I’ve got my soapbox ready, my speech is written; it’s time to extol the further virtues of Donald Link’s Beard Award nominated masterpiece “Real Cajun”. I’m sure more than a few of my readers are tiring of me writing about this cookbook, but it really is that good. Anyway, here’s a little background: I had been charged with cooking for a decently large number of people, but I was looking to take a break from beef. I had already cooked Link’s recipe for Smothered Pork Roast over Rice, so I needed something just as porky and just as delicious. Thumbing through my cookbooks, I opened “Real Cajun” and stopped at the recipe for Italian-Style Roast Pork Shoulder”. The picture looked amazing and the first sentence seemed perfect for the hurried arrival of warm weather: “Sometimes in the South it’s just too hot to eat a smothered, braised, falling-apart pork roast.”
Aside from the cumbersome part of trussing the roast, this is not a difficult dish. In fact there are only 10 ingredients, counting oil, salt and pepper.
Here are the seasoning for the inside of the pork shoulder: 3 tbs of kosher salt, 1 tsp ground black pepper, 1 tbs ground fennel, 2 tbs minced garlic, and 1 tbs chopped rosemary.
It makes a very tasty looking rub.
The star of the recipe is a 7lb boneless pork butt.
After the mess of trussing, the shoulder is seasoned with 2 tbs of kosher salt and 1 tsp of ground black pepper on the outside, and then seared in a roasting pan over med-high heat.
It takes a good while to sear something that size.
I had a remote probe thermometer stuck in the shoulder and about and an hour and half later, the shoulder reached the nice range of 145 to 155.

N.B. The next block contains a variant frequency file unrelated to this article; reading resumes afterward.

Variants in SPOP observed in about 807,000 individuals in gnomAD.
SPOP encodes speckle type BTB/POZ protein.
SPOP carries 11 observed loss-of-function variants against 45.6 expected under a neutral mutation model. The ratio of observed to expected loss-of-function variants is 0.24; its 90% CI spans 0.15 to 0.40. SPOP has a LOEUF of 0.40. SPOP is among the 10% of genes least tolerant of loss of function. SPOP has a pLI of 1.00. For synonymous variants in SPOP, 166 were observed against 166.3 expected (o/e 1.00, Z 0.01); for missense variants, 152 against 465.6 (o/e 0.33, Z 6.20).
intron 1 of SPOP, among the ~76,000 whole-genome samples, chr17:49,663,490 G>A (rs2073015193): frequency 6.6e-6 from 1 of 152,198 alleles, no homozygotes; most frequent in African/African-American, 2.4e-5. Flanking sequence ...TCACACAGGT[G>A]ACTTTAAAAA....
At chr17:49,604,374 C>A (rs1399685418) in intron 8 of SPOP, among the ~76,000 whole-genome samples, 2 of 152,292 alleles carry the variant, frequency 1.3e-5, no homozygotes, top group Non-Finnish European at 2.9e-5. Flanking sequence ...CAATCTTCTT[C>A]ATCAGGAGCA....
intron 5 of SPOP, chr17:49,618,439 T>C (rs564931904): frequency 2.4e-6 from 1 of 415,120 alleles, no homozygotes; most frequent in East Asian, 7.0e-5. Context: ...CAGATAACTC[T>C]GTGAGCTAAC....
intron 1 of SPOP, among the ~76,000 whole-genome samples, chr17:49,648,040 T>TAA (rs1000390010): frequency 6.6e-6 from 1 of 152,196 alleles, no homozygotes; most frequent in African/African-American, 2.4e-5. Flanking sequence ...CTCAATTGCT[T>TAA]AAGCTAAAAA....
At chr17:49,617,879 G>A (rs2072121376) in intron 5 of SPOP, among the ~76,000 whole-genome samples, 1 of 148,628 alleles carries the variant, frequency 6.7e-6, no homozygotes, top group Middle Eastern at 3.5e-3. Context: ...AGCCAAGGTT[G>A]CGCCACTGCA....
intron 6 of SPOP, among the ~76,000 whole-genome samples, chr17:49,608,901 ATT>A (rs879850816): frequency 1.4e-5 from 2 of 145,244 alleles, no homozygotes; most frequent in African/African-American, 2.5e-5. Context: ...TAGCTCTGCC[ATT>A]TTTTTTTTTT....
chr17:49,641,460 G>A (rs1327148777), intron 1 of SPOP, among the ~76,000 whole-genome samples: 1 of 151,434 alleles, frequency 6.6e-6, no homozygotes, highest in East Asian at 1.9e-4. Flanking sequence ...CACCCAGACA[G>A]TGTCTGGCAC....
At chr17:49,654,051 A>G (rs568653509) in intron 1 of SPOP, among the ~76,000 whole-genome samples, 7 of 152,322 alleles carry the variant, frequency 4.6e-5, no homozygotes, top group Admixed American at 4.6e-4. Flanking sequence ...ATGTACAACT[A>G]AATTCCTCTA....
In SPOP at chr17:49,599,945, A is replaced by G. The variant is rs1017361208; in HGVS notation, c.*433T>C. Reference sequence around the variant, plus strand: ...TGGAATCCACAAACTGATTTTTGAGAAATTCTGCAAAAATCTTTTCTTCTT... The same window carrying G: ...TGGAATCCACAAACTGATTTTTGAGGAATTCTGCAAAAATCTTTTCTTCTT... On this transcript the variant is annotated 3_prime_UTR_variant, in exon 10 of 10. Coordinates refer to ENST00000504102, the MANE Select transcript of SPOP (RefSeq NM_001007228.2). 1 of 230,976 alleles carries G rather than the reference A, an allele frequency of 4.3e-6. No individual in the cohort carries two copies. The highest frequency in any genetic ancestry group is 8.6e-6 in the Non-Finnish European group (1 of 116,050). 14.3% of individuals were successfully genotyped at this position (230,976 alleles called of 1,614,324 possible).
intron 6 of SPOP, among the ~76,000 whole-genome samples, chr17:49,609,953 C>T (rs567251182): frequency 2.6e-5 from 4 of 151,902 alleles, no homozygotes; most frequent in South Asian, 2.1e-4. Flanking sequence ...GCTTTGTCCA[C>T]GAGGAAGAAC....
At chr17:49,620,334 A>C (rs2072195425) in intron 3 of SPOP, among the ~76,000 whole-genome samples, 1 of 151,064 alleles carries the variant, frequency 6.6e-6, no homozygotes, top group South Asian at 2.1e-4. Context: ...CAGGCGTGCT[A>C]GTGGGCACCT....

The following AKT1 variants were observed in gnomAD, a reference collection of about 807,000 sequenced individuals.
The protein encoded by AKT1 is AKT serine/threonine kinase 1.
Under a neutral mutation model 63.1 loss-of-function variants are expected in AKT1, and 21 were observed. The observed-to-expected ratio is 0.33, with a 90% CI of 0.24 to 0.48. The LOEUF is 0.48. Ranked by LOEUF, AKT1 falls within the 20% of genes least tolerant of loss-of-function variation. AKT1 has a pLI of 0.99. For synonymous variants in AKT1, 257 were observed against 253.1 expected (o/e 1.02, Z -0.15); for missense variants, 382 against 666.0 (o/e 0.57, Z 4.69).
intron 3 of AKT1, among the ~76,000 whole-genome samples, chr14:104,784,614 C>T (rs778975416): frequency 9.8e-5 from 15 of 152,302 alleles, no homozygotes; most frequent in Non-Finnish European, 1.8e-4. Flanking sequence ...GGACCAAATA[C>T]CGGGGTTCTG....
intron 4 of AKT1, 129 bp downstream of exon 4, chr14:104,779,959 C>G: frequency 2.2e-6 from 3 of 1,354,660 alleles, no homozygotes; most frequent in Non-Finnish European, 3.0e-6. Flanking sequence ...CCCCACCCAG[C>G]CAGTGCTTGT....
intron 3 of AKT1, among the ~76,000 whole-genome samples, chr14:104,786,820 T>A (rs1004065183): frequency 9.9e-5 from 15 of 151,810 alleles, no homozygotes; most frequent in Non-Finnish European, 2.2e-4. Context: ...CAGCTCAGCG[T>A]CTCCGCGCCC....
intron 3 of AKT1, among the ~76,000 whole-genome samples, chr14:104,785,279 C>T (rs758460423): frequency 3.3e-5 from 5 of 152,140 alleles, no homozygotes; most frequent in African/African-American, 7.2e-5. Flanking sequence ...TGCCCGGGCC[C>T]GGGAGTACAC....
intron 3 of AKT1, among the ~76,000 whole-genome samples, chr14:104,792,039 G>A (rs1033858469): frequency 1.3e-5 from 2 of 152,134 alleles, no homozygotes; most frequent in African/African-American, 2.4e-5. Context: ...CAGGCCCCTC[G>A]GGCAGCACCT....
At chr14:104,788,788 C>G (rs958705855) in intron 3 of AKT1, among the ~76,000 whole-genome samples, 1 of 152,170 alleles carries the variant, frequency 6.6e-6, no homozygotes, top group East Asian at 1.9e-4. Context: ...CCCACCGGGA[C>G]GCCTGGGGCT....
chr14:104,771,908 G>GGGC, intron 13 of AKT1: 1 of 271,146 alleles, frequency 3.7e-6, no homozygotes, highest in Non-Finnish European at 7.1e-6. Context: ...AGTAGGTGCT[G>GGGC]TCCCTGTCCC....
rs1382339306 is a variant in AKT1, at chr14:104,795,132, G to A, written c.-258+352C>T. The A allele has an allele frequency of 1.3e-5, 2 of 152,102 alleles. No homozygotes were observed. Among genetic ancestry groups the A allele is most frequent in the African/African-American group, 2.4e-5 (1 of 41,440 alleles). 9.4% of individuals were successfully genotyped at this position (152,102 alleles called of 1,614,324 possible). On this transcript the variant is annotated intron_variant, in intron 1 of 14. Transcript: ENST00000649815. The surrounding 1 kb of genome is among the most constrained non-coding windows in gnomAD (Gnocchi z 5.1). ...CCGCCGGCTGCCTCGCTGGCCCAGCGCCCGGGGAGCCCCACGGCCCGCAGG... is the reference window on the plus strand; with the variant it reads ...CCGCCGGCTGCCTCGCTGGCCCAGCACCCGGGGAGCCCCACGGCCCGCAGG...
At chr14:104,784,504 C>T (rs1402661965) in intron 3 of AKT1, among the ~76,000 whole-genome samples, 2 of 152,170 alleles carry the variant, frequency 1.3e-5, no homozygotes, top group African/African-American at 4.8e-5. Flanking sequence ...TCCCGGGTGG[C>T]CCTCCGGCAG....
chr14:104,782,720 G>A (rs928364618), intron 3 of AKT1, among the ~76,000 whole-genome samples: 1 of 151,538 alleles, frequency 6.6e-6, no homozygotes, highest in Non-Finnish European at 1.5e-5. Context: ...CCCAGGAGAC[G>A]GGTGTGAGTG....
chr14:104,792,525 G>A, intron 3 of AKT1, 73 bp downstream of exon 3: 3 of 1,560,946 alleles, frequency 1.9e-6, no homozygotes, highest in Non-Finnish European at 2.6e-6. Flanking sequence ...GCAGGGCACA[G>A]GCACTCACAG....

It would be a waste to make this roast and not let it rest, so it was tented and rested for 30 minutes before slicing.
With each slice closer to the center, the roast was juicier, but the real attraction was the saltiness, the garlic and the upfront flavor of the fennel. Usually I shy away from too much fennel, but it worked very well with this roast.
There are a few things I would do differently the next time I try this recipe. I’m curious to see how much the roast changes when it’s made with a skin less shoulder. Another variable is the rosemary. Link gives the option of thyme or rosemary. I actually couldn’t really taste the rosemary in the dish, but I’m sure the flavor would be lacking without either one of the herbs. Lastly, I would use more than 1 onion under the roast. Not only do the onions provide a nice platform for the roast, they are completely imbued with porky goodness. It’s a definite instance where the more the merrier.
Aside from those questions, I’m at a loss about serving this roast. Link writes one of his favorite snacks is sliced pork with Linda Zaunbrecher’s Homemade Rolls (another recipe in “Real Cajun”). This roast does make a fantastic sandwich, another reason to use more onions, but even over rice, this roast shines brilliantly. Regardless of serving questions, this is another stellar recipe from Link and I’m sure another recipe demonstration will be forthcoming.